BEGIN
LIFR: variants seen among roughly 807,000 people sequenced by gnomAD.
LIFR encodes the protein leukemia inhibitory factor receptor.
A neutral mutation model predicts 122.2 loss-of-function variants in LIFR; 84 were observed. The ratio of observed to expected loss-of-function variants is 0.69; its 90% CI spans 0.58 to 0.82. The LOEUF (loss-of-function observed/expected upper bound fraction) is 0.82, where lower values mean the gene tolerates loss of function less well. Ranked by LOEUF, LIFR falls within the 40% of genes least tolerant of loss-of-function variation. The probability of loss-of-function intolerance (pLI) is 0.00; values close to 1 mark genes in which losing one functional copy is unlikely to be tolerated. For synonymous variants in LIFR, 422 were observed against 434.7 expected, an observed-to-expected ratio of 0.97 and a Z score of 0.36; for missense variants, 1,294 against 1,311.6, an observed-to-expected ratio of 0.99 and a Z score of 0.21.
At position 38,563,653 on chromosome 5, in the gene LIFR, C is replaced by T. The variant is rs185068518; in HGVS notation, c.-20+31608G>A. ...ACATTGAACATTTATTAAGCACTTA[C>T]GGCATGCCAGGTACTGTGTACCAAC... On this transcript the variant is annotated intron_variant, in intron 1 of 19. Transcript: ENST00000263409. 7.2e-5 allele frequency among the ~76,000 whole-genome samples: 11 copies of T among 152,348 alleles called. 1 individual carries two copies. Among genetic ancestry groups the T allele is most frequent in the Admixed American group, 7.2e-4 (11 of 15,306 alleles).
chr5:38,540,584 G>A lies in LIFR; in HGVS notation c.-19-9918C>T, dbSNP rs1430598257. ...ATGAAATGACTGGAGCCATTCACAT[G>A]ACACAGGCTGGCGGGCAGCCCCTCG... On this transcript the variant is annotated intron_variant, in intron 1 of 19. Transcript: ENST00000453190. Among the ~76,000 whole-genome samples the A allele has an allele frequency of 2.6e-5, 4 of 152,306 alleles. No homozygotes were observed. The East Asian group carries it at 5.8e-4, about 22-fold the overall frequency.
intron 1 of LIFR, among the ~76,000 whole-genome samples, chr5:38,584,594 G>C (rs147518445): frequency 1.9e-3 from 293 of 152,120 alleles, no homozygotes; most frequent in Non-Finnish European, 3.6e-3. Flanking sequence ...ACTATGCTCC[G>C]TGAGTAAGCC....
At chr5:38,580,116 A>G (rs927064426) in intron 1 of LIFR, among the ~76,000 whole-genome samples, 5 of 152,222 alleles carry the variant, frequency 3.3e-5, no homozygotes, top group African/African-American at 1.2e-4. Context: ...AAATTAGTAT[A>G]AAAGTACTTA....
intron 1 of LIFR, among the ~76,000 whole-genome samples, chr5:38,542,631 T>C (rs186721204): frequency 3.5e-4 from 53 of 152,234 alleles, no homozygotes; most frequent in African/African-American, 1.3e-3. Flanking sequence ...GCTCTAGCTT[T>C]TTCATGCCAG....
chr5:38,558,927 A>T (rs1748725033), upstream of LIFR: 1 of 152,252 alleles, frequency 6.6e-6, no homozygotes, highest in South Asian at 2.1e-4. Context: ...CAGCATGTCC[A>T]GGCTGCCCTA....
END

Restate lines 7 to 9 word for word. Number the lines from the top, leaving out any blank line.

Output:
At chr5:38,580,116 A>G (rs927064426) in intron 1 of LIFR, among the ~76,000 whole-genome samples, 5 of 152,222 alleles carry the variant, frequency 3.3e-5, no homozygotes, top group African/African-American at 1.2e-4. Context: ...AAATTAGTAT[A>G]AAAGTACTTA....
intron 1 of LIFR, among the ~76,000 whole-genome samples, chr5:38,542,631 T>C (rs186721204): frequency 3.5e-4 from 53 of 152,234 alleles, no homozygotes; most frequent in African/African-American, 1.3e-3. Flanking sequence ...GCTCTAGCTT[T>C]TTCATGCCAG....
chr5:38,558,927 A>T (rs1748725033), upstream of LIFR: 1 of 152,252 alleles, frequency 6.6e-6, no homozygotes, highest in South Asian at 2.1e-4. Context: ...CAGCATGTCC[A>T]GGCTGCCCTA....